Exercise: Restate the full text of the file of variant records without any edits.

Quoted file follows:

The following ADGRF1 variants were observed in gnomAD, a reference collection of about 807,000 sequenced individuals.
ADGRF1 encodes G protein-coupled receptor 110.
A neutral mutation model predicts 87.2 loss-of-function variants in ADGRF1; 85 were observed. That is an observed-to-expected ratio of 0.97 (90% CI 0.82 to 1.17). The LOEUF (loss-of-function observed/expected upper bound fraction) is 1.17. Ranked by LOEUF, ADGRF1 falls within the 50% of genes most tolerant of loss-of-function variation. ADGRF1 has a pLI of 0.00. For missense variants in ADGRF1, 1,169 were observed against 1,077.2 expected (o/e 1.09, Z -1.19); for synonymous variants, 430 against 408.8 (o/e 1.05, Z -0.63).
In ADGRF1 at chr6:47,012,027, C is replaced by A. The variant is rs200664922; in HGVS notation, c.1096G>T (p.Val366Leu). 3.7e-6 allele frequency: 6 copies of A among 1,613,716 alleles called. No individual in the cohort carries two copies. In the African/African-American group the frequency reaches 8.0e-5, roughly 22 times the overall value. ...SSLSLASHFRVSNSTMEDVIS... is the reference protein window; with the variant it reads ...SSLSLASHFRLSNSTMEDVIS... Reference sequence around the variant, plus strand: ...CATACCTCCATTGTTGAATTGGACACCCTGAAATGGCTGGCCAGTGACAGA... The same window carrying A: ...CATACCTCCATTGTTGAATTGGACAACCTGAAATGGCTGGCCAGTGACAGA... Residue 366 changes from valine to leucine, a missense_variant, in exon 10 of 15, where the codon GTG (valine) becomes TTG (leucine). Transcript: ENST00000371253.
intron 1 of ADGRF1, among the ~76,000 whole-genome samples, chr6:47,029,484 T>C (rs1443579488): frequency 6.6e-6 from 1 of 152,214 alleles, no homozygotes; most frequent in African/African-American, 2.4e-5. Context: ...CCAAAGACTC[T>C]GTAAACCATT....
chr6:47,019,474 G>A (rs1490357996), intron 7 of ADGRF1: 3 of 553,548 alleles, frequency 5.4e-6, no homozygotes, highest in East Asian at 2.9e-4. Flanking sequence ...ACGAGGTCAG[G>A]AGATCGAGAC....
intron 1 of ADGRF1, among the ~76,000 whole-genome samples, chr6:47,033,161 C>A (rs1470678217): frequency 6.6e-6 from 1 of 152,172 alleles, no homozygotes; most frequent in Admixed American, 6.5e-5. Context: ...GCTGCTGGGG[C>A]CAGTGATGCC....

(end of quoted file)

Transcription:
The following ADGRF1 variants were observed in gnomAD, a reference collection of about 807,000 sequenced individuals.
ADGRF1 encodes G protein-coupled receptor 110.
A neutral mutation model predicts 87.2 loss-of-function variants in ADGRF1; 85 were observed. That is an observed-to-expected ratio of 0.97 (90% CI 0.82 to 1.17). The LOEUF (loss-of-function observed/expected upper bound fraction) is 1.17. Ranked by LOEUF, ADGRF1 falls within the 50% of genes most tolerant of loss-of-function variation. ADGRF1 has a pLI of 0.00. For missense variants in ADGRF1, 1,169 were observed against 1,077.2 expected (o/e 1.09, Z -1.19); for synonymous variants, 430 against 408.8 (o/e 1.05, Z -0.63).
In ADGRF1 at chr6:47,012,027, C is replaced by A. The variant is rs200664922; in HGVS notation, c.1096G>T (p.Val366Leu). 3.7e-6 allele frequency: 6 copies of A among 1,613,716 alleles called. No individual in the cohort carries two copies. In the African/African-American group the frequency reaches 8.0e-5, roughly 22 times the overall value. ...SSLSLASHFRVSNSTMEDVIS... is the reference protein window; with the variant it reads ...SSLSLASHFRLSNSTMEDVIS... Reference sequence around the variant, plus strand: ...CATACCTCCATTGTTGAATTGGACACCCTGAAATGGCTGGCCAGTGACAGA... The same window carrying A: ...CATACCTCCATTGTTGAATTGGACAACCTGAAATGGCTGGCCAGTGACAGA... Residue 366 changes from valine to leucine, a missense_variant, in exon 10 of 15, where the codon GTG (valine) becomes TTG (leucine). Transcript: ENST00000371253.
intron 1 of ADGRF1, among the ~76,000 whole-genome samples, chr6:47,029,484 T>C (rs1443579488): frequency 6.6e-6 from 1 of 152,214 alleles, no homozygotes; most frequent in African/African-American, 2.4e-5. Context: ...CCAAAGACTC[T>C]GTAAACCATT....
chr6:47,019,474 G>A (rs1490357996), intron 7 of ADGRF1: 3 of 553,548 alleles, frequency 5.4e-6, no homozygotes, highest in East Asian at 2.9e-4. Flanking sequence ...ACGAGGTCAG[G>A]AGATCGAGAC....
intron 1 of ADGRF1, among the ~76,000 whole-genome samples, chr6:47,033,161 C>A (rs1470678217): frequency 6.6e-6 from 1 of 152,172 alleles, no homozygotes; most frequent in Admixed American, 6.5e-5. Context: ...GCTGCTGGGG[C>A]CAGTGATGCC....